https://www.ncbi.nlm.nih.gov/pubmed/29501084

http://www.jni-journal.com/article/S0165-5728(17)30467-8/fulltext

Facebook Twitter Pinterest Stumbleupon Tumblr Posterous

β-Amyrin, the cannabinoid receptors agonist, abrogates mice brain microglial cells inflammation induced by lipopolysaccharide/interferon-γ and regulates Mφ1/Mφ2 balances.

Image result for Biomed Pharmacother.

“Inflammation is a primary response to infection that can pathologically lead to various diseases including neurodegenerative diseases.

The purpose of this study was to evaluate the effect of β-Amyrin, a naturally occurring pentacyclic triterpenoid compound, on inflammation induced by lipopolysaccharide (LPS) and interferone-γ (IFN-γ) in rat microglial cells.

CONCLUSION:

β-Amyrin reduces inflammation in microglial cells and can be used as a potential anti-inflammatory agent in central nervous system neurodegenerative diseases such as Alzheimer and multiple sclerosis, by affecting the inflammatory cytokine and differentiation of microglia as resident CNS macrophages.”

https://www.ncbi.nlm.nih.gov/pubmed/29501766

“Amyrin and the endocannabinoid system. The canonical triterpene amyrin was recently suggested to bind to CB1 receptors and to significantly mediate cannabimimetic effects in animal models of pain.”   http://gertschgroup.com/blog/entry/3188293/amyrin-and-the-endocannabinoid-system

“The antinociceptive triterpene β-amyrin inhibits 2-arachidonoylglycerol (2-AG) hydrolysis without directly targeting CB receptors”   https://www.researchgate.net/publication/225079976_The_antinociceptive_triterpene_b-amyrin_inhibits_2-arachidonoylglycerol_2-AG_hydrolysis_without_directly_targeting_CB_receptors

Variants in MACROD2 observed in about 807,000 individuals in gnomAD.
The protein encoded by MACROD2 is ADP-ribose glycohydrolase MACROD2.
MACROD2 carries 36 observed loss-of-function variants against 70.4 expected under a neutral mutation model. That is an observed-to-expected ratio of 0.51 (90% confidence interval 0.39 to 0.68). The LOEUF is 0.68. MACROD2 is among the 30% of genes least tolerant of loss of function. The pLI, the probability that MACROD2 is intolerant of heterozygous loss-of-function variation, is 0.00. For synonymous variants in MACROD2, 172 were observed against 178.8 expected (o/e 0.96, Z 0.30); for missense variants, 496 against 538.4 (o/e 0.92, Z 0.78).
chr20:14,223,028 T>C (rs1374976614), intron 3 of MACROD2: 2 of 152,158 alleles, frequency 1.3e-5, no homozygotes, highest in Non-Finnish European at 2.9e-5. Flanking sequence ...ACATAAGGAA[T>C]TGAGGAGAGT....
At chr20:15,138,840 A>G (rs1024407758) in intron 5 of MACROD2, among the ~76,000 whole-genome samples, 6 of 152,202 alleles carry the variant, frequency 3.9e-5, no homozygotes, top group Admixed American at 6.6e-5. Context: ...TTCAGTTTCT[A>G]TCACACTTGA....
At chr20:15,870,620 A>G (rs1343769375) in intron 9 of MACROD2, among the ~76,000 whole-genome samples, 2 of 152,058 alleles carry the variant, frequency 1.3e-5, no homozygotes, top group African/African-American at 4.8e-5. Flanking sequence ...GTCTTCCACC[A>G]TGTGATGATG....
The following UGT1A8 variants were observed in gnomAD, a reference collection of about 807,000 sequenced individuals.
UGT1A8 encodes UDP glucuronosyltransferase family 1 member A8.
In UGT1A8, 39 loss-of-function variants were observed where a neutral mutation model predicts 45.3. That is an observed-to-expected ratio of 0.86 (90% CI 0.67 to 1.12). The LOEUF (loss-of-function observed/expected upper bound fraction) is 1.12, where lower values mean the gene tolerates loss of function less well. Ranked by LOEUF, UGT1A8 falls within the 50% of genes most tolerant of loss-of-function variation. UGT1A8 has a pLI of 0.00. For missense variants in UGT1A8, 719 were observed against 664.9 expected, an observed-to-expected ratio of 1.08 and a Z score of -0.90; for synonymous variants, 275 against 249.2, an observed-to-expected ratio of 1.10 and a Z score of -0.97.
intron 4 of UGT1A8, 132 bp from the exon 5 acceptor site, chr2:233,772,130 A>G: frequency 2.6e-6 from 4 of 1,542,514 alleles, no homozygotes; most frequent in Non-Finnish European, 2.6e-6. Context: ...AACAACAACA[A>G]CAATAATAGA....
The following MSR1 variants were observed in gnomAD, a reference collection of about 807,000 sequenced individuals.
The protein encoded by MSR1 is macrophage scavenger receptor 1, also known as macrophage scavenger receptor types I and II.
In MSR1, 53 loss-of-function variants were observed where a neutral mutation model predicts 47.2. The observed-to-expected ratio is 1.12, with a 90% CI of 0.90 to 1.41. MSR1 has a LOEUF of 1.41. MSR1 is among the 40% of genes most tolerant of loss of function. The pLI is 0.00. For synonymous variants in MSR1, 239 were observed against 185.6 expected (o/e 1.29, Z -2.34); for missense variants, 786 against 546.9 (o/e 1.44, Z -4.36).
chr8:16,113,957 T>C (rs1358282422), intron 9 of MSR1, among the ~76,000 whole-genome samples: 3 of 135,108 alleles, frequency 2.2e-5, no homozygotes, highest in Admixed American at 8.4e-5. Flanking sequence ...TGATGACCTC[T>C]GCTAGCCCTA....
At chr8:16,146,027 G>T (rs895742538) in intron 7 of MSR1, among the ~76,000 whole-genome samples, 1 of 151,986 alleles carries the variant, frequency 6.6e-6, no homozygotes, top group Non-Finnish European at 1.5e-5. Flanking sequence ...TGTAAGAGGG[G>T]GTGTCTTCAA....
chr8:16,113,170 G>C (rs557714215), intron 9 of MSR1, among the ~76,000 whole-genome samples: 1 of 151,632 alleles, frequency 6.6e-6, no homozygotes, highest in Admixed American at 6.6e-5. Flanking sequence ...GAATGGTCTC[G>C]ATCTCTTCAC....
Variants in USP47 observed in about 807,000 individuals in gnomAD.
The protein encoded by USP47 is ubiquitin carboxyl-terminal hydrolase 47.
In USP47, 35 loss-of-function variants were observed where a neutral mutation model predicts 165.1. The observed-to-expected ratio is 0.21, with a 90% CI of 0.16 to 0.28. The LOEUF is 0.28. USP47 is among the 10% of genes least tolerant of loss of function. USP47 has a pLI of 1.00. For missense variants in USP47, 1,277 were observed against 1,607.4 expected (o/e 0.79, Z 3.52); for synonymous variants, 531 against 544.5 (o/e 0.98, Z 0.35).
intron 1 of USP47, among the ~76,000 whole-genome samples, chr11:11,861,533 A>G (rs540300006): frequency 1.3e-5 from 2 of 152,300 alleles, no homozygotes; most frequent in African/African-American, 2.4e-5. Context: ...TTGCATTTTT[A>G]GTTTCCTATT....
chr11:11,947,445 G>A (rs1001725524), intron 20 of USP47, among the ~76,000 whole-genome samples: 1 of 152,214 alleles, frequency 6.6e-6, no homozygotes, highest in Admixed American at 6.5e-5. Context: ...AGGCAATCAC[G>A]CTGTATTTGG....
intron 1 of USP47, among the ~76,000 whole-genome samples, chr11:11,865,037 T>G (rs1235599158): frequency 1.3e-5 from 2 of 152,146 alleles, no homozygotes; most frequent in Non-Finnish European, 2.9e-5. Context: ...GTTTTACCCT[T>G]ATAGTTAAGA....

“Finally, pentacyclic triterpenes such as β-amyrin and cycloartenol have been shown to possess numerous biological activities including anti-bacterial, anti-fungal, anti-inflammatory and anti-cancer properties.” https://www.linkedin.com/pulse/cannabis-has-terpenes-say-what-pure-hempnotics

Image result for β-Amyrin

Facebook Twitter Pinterest Stumbleupon Tumblr Posterous

Hypoxia mimetic activity of VCE-004.8, a cannabidiol quinone derivative: implications for multiple sclerosis therapy.

Image result for journal of neuroinflammation

“Multiple sclerosis (MS) is characterized by a combination of inflammatory and neurodegenerative processes variously dominant in different stages of the disease. Thus, immunosuppression is the goal standard for the inflammatory stage, and novel remyelination therapies are pursued to restore lost function.

Cannabinoids such as 9Δ-THC and CBD are multi-target compounds already introduced in the clinical practice for multiple sclerosis (MS). Semisynthetic cannabinoids are designed to improve bioactivities and druggability of their natural precursors. VCE-004.8, an aminoquinone derivative of cannabidiol (CBD), is a dual PPARγ and CB2agonist with potent anti-inflammatory activity.